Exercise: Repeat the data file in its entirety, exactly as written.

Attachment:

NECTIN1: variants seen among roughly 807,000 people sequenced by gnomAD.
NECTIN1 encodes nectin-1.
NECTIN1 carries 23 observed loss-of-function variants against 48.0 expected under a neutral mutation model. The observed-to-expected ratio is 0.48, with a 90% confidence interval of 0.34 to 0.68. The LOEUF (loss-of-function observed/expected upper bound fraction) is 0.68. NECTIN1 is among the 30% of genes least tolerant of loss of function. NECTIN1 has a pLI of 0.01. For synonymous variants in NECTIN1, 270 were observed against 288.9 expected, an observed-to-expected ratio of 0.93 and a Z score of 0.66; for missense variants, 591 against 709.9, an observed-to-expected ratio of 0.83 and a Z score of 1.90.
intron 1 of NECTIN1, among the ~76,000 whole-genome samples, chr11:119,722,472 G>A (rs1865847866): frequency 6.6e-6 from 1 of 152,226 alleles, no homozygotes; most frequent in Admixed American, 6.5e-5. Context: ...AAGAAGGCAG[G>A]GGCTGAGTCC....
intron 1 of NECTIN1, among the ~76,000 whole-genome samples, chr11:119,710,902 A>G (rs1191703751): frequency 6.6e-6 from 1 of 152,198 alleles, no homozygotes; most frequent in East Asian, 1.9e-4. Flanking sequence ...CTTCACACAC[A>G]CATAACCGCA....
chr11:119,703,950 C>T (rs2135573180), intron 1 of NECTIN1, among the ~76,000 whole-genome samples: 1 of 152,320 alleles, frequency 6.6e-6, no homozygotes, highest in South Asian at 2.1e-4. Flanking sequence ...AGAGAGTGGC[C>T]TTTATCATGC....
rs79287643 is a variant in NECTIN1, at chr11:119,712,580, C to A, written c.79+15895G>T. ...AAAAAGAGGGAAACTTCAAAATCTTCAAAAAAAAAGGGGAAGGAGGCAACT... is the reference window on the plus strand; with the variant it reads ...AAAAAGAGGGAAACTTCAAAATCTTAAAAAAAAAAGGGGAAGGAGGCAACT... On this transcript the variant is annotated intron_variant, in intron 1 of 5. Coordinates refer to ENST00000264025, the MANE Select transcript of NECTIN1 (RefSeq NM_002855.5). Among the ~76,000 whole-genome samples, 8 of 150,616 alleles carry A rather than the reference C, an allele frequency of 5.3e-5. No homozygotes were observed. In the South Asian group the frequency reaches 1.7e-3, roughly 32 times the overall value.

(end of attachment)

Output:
NECTIN1: variants seen among roughly 807,000 people sequenced by gnomAD.
NECTIN1 encodes nectin-1.
NECTIN1 carries 23 observed loss-of-function variants against 48.0 expected under a neutral mutation model. The observed-to-expected ratio is 0.48, with a 90% confidence interval of 0.34 to 0.68. The LOEUF (loss-of-function observed/expected upper bound fraction) is 0.68. NECTIN1 is among the 30% of genes least tolerant of loss of function. NECTIN1 has a pLI of 0.01. For synonymous variants in NECTIN1, 270 were observed against 288.9 expected, an observed-to-expected ratio of 0.93 and a Z score of 0.66; for missense variants, 591 against 709.9, an observed-to-expected ratio of 0.83 and a Z score of 1.90.
intron 1 of NECTIN1, among the ~76,000 whole-genome samples, chr11:119,722,472 G>A (rs1865847866): frequency 6.6e-6 from 1 of 152,226 alleles, no homozygotes; most frequent in Admixed American, 6.5e-5. Context: ...AAGAAGGCAG[G>A]GGCTGAGTCC....
intron 1 of NECTIN1, among the ~76,000 whole-genome samples, chr11:119,710,902 A>G (rs1191703751): frequency 6.6e-6 from 1 of 152,198 alleles, no homozygotes; most frequent in East Asian, 1.9e-4. Flanking sequence ...CTTCACACAC[A>G]CATAACCGCA....
chr11:119,703,950 C>T (rs2135573180), intron 1 of NECTIN1, among the ~76,000 whole-genome samples: 1 of 152,320 alleles, frequency 6.6e-6, no homozygotes, highest in South Asian at 2.1e-4. Flanking sequence ...AGAGAGTGGC[C>T]TTTATCATGC....
rs79287643 is a variant in NECTIN1, at chr11:119,712,580, C to A, written c.79+15895G>T. ...AAAAAGAGGGAAACTTCAAAATCTTCAAAAAAAAAGGGGAAGGAGGCAACT... is the reference window on the plus strand; with the variant it reads ...AAAAAGAGGGAAACTTCAAAATCTTAAAAAAAAAAGGGGAAGGAGGCAACT... On this transcript the variant is annotated intron_variant, in intron 1 of 5. Coordinates refer to ENST00000264025, the MANE Select transcript of NECTIN1 (RefSeq NM_002855.5). Among the ~76,000 whole-genome samples, 8 of 150,616 alleles carry A rather than the reference C, an allele frequency of 5.3e-5. No homozygotes were observed. In the South Asian group the frequency reaches 1.7e-3, roughly 32 times the overall value.